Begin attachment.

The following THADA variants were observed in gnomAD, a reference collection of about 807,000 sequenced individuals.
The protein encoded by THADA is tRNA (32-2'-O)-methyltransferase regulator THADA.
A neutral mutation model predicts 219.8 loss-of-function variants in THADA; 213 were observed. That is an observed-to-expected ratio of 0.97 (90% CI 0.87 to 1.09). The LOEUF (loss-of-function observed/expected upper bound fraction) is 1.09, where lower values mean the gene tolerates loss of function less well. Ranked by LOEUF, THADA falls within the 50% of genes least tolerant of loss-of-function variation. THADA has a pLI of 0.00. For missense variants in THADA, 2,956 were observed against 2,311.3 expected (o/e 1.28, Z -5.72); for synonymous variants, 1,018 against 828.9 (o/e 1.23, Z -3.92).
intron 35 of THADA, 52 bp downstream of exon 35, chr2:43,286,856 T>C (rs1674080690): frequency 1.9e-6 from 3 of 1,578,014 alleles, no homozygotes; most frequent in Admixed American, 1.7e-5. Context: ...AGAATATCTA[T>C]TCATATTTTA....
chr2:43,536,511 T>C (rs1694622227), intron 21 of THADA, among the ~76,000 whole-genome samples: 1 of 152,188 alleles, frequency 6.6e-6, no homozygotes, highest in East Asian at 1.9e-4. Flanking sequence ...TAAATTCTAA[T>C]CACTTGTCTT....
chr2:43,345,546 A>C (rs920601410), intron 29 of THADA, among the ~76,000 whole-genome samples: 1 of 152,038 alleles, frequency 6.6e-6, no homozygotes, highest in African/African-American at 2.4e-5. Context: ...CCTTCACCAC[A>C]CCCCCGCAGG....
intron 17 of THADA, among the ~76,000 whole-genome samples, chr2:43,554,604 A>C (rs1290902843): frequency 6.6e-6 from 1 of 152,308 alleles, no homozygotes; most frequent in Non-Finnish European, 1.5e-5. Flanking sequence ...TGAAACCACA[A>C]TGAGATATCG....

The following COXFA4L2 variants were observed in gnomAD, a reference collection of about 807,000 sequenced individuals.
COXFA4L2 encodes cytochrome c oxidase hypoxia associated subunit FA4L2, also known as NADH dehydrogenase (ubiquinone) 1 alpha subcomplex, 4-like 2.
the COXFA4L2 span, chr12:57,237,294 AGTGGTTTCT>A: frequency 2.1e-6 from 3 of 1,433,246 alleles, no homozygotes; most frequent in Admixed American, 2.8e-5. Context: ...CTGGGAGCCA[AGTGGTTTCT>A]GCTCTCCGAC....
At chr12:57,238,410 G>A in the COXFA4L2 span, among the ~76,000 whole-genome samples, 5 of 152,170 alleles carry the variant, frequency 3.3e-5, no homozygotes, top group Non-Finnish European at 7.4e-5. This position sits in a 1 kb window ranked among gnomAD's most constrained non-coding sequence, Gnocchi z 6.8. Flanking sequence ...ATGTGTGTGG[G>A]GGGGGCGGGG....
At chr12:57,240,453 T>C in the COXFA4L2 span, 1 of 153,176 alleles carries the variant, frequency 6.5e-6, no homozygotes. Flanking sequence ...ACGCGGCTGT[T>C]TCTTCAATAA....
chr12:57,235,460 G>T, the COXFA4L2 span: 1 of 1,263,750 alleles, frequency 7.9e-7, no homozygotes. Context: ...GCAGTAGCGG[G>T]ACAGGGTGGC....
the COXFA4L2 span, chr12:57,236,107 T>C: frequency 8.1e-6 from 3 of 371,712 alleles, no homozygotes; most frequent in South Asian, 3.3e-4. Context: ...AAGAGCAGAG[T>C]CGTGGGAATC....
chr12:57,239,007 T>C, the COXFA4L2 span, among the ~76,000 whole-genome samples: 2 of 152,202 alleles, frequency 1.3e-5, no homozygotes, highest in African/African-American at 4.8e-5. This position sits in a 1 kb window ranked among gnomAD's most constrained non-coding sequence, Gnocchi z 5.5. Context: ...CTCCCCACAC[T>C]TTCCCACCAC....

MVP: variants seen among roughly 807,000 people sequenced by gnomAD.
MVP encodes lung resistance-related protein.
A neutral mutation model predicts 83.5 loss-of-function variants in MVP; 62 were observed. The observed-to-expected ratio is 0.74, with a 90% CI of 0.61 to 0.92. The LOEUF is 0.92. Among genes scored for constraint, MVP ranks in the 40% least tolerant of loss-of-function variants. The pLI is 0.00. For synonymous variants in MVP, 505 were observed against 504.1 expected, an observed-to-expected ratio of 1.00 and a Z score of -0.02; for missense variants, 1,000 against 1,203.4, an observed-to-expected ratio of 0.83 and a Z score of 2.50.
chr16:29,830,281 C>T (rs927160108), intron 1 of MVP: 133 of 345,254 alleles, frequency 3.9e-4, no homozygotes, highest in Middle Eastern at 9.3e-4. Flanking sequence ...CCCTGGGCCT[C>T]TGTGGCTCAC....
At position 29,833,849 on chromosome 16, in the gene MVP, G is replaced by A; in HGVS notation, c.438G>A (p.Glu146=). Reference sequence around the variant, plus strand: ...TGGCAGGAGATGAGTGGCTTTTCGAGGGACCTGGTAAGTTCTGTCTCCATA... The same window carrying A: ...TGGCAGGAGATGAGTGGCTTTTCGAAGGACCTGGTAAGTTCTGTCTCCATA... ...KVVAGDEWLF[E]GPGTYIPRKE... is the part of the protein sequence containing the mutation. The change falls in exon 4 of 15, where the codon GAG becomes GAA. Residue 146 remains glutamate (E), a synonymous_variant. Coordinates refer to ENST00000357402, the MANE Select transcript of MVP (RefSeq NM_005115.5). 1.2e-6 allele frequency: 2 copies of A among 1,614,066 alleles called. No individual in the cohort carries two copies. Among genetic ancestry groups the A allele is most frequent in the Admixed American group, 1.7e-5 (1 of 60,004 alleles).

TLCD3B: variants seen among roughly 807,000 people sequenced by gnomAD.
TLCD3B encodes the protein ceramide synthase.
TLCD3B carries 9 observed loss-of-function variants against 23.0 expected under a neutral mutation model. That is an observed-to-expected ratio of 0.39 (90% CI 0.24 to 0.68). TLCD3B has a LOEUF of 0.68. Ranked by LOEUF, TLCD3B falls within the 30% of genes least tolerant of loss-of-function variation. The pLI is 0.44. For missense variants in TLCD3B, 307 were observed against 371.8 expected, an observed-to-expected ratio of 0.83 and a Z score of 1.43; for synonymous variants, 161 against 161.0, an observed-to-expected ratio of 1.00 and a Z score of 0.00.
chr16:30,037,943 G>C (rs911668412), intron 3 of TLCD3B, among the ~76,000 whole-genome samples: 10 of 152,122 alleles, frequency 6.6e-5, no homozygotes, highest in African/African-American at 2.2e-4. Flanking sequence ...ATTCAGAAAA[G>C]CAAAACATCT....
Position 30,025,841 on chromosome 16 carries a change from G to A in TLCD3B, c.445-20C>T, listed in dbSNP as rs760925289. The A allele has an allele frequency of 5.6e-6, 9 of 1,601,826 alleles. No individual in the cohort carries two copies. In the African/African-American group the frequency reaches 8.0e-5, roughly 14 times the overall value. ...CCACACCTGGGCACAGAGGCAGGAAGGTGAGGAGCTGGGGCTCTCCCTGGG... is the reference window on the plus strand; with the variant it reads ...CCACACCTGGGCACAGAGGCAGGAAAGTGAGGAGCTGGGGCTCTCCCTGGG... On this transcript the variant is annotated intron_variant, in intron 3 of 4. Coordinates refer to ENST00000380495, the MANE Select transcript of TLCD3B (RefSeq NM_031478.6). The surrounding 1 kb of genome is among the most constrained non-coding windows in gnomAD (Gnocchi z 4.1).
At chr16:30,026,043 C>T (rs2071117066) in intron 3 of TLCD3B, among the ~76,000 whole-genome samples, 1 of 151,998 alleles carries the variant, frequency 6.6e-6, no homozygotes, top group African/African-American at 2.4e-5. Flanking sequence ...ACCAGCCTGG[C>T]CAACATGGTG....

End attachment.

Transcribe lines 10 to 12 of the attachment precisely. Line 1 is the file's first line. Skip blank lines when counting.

the COXFA4L2 span, chr12:57,237,294 AGTGGTTTCT>A: frequency 2.1e-6 from 3 of 1,433,246 alleles, no homozygotes; most frequent in Admixed American, 2.8e-5. Context: ...CTGGGAGCCA[AGTGGTTTCT>A]GCTCTCCGAC....
At chr12:57,238,410 G>A in the COXFA4L2 span, among the ~76,000 whole-genome samples, 5 of 152,170 alleles carry the variant, frequency 3.3e-5, no homozygotes, top group Non-Finnish European at 7.4e-5. This position sits in a 1 kb window ranked among gnomAD's most constrained non-coding sequence, Gnocchi z 6.8. Flanking sequence ...ATGTGTGTGG[G>A]GGGGGCGGGG....
At chr12:57,240,453 T>C in the COXFA4L2 span, 1 of 153,176 alleles carries the variant, frequency 6.5e-6, no homozygotes. Flanking sequence ...ACGCGGCTGT[T>C]TCTTCAATAA....